private to a journalist and open to a cab driver. But I’ve never been convinced that there’s a particular definition of privacy, even in a dictionary let alone in law. Doing the kind of interviews I do, what is private or not is determined by the interviewee; it depends on what questions they’re willing to answer.
I find it much more difficult to say whether paparazzi have the right to take photographs of the TV newsreader Anna Ford on the beach. But I have no problems with journalists ringing up loads of friends of celebrities and amassing a kind of unofficial biography, although several celebrities I have interviewed, including Liza Minnelli and Mel Gibson, particularly hate the unauthorised biography because people have gone behind a person’s back and produced an alternative account of their lives. Before he died, the poet Ted Hughes said, ‘I hope we all own the facts of our own life’. He clearly meant we should but we don’t.
What the public is interested in often dictates what is made public or not. Privacy and publicity are a kind of transaction and if you don’t want to trade, it doesn’t mean you’re not going to get any publicity for your product. For example, Kyle MacLachlan, the actor, who I interviewed, was quite open about his love life, his split with supermodel Linda Evangelista. He just said that he discovered very early on, the best way to deal with the break-up was to be completely open about it.
Yet I do wonder why Paul McCartney wasn’t a bit more open about his then new girlfriend Heather Mills when he started going out with her rather than actually lying about it and denying the relationship. That must have generated a hell of a lot of speculation in itself.
In the end you’ve got to produce a piece that is tasteful and it’s not going to offend the readers. Very occasionally I’ve had the kind of acrimonious interview with somebody who won’t open up very much, and this comes over in the copy. I’ve had readers say that I’d gone too far or that my interview was distasteful. But there are some things I find very hard to ask people, such as details of their sex lives or the death of a child. I tend to ask about people’s motivation on the whole and what the work tells us about them and what they contribute to the work and also to see what kind of narratives they’ve made of their own lives and how they see themselves.
Occasionally I get embarrassed by what other journalists have written about people’s private lives but then, that’s like being embarrassed about being a
doctor because Harold Shipman was a GP. I’ve always worked on newspapers
that have not pressured me to write about things I don’t believe in. I know I’m in a privileged position. I don’t get my copy changed so I’ve never felt ashamed with anything I’ve done.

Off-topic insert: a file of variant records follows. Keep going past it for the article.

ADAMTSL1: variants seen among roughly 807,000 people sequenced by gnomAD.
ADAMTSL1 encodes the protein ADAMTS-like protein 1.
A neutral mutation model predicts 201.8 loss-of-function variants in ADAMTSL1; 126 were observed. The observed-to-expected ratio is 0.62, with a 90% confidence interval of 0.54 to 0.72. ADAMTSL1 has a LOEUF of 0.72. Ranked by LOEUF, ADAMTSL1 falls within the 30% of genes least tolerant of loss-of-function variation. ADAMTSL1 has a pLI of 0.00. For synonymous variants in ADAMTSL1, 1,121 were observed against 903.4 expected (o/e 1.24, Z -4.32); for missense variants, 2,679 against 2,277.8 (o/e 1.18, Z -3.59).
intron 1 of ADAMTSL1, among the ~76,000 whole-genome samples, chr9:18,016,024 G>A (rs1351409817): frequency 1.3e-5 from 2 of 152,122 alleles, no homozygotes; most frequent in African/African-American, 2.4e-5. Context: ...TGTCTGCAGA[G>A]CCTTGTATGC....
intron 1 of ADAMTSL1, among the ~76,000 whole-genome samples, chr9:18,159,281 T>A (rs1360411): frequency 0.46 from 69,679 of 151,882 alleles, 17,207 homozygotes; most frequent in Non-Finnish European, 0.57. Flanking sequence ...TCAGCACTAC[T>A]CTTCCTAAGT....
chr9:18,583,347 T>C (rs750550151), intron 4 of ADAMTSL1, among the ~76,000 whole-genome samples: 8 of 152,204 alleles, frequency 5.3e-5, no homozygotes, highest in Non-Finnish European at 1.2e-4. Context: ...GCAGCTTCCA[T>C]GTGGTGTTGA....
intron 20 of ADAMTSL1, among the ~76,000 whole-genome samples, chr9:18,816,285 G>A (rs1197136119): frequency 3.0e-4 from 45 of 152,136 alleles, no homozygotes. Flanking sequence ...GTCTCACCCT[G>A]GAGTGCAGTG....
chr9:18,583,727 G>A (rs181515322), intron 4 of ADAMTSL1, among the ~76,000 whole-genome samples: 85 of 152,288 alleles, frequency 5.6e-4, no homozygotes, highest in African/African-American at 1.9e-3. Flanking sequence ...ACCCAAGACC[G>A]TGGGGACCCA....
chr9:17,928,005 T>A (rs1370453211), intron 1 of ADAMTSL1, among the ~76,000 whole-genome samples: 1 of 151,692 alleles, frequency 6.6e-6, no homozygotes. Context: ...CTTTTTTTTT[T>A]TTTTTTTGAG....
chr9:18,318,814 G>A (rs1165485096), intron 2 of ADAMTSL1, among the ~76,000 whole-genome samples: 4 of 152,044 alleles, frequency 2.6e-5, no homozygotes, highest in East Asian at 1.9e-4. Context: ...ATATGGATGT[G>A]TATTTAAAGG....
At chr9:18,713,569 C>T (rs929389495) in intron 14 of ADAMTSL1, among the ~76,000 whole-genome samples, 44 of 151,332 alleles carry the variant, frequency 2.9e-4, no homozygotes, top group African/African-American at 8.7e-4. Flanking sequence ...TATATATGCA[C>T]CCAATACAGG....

There’s a huge difference between standards applied by the National Enquirer [the celebrity gossip magazine in the United States], for example, compared to those applied by the Financial Times in the UK. It would be silly to sort out the whole profession by evaluating both in the same way.
Saying you’re a journalist, however, is not a particularly popular thing to say if you’re are at a party. I was brought up watching Lou Grant and the film ‘All the President’s Men.’ I always think that it’s a rather glamorous profession and that journalists are on the side of the good guys but I’m aware that it’s not how most people see it now.
I have never been taken to the Press Complaints Commission. If you can develop a good relationship – even within an interview which lasts an hour with someone – there’s a kind of trust that’s formed. It’s a trust that’s also based on what you’ve written before about other people and it means you can always ask anything. That’s what you’re aiming for and you try to be fair when you write it.
There are people who have been offended or regret saying things to me sometimes and I can understand that. In very minor instances people have
rung up saying, ‘Could you please take that out because that’s going to be very difficult for me.’ Then I usually say, ‘Well if I take that out can I ask you about this or give me a bit more on that.’ The purpose of my interview is not on the whole to make people’s lives worse by being interviewed by me.
Andrew Billen is a staff writer on The Times and Television Critic for the New Statesman. He is the former Chief Features Interviewer for the London Evening Standard and a former interviewer on the Observer.
Interview by Catherine Teare, Researcher, The LIRE media group